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Cybersecurity and your vote

2020 is a general election year—see how IU experts are helping to safeguard the election process in Indiana

Whether it’s Russians hacking into the Illinois election database or the phish that took down the computer system for the entire city of New Orleans, cyberattacks are just a part of modern life.

And with the 2020 primary and general elections looming, election officials in Indiana are gearing up to manage every aspect of voting in their county: from registration and poll worker training to verifying IDs and staying apprised of potential cybersecurity threats.  

Tabletop exercises help election administrators prepare for worst-case scenarios on Election Day. I appreciate IU developing real-world scenarios that tested our skills and helped us prepare for the 2020 election and beyond. Indiana's election administrators are better prepared thanks to IU's hard work.

Connie Lawson, Indiana secretary of state

That’s where Indiana University comes in. Late last year, the Indiana Secretary of State’s office asked a team of IU cybersecurity experts to lead a half-day incident response fundamentals workshop during its annual Election Administrators Conference. Featuring realistic tabletop exercises as well as remarks from leaders, the IU workshop helped attendees become better informed about potential threats affecting Indiana’s elections and how to prevent and mitigate them.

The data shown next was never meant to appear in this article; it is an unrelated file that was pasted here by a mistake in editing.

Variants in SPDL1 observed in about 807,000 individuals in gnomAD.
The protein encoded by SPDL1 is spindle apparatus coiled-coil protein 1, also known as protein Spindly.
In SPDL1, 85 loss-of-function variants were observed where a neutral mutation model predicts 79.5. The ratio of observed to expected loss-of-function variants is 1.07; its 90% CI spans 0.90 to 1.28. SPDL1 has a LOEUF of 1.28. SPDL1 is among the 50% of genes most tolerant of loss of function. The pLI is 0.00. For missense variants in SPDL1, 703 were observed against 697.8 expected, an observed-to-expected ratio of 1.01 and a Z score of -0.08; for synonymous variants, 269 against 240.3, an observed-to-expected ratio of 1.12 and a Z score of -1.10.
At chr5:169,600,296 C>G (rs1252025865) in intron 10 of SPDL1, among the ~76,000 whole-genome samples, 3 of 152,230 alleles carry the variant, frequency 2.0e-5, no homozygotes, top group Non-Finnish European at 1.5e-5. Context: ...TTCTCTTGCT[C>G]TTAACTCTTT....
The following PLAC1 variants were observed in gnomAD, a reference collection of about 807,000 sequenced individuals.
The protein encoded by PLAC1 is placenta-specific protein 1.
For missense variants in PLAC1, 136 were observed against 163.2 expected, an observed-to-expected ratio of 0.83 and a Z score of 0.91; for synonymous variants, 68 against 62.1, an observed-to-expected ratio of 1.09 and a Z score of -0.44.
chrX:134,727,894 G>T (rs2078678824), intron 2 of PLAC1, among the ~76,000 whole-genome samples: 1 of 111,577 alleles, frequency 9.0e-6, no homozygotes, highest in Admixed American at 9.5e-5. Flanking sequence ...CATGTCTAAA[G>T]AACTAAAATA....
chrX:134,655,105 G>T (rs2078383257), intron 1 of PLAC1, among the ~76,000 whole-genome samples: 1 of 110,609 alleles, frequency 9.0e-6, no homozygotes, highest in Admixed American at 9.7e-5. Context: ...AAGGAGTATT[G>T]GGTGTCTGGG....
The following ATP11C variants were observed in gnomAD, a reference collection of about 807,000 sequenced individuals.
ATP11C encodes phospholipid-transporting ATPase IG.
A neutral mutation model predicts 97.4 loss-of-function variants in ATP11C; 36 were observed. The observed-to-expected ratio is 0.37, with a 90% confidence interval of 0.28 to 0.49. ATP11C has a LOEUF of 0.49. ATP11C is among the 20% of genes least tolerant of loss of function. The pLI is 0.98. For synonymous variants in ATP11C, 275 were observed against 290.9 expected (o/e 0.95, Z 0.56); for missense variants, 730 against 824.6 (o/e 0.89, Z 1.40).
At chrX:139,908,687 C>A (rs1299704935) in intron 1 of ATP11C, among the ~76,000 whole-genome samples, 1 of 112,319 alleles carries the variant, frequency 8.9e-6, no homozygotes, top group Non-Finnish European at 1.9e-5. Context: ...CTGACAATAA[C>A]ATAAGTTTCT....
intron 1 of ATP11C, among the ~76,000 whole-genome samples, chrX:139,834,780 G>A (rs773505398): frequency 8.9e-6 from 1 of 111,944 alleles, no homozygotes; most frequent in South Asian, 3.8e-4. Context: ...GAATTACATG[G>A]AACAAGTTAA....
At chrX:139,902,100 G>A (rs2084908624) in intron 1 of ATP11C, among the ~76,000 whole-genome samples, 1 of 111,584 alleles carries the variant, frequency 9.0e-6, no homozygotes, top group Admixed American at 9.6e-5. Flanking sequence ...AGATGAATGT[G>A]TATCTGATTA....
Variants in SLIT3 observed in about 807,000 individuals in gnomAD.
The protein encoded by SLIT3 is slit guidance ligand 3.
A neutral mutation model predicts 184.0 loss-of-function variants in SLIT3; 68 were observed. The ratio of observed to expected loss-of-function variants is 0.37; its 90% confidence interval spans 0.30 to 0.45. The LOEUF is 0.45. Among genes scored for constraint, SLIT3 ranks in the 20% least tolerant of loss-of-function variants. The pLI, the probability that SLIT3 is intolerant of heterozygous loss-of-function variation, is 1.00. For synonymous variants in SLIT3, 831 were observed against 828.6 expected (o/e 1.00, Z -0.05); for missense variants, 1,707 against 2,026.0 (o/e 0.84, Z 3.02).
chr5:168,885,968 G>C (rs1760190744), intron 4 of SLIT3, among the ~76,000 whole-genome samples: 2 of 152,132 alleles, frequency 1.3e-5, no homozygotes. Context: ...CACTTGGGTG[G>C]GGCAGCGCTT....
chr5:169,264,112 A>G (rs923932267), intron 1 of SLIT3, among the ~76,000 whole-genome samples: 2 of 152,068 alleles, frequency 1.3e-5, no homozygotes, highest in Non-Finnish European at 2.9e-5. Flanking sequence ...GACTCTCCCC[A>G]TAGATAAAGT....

The workshop was the first event to stem from a recent $300K award from the Secretary of State’s office for IU to review and improve the state’s election cybersecurity incident response plan. These funds are part of a one-time $10 million appropriation for election security that had been budgeted by the Indiana General Assembly during the legislative session.

“Tabletop exercises help election administrators prepare for worst-case scenarios on Election Day. I appreciate IU developing real-world scenarios that tested our skills and helped us prepare for the 2020 election and beyond. Indiana's election administrators are better prepared thanks to IU's hard work,” said Connie Lawson, Indiana secretary of state.

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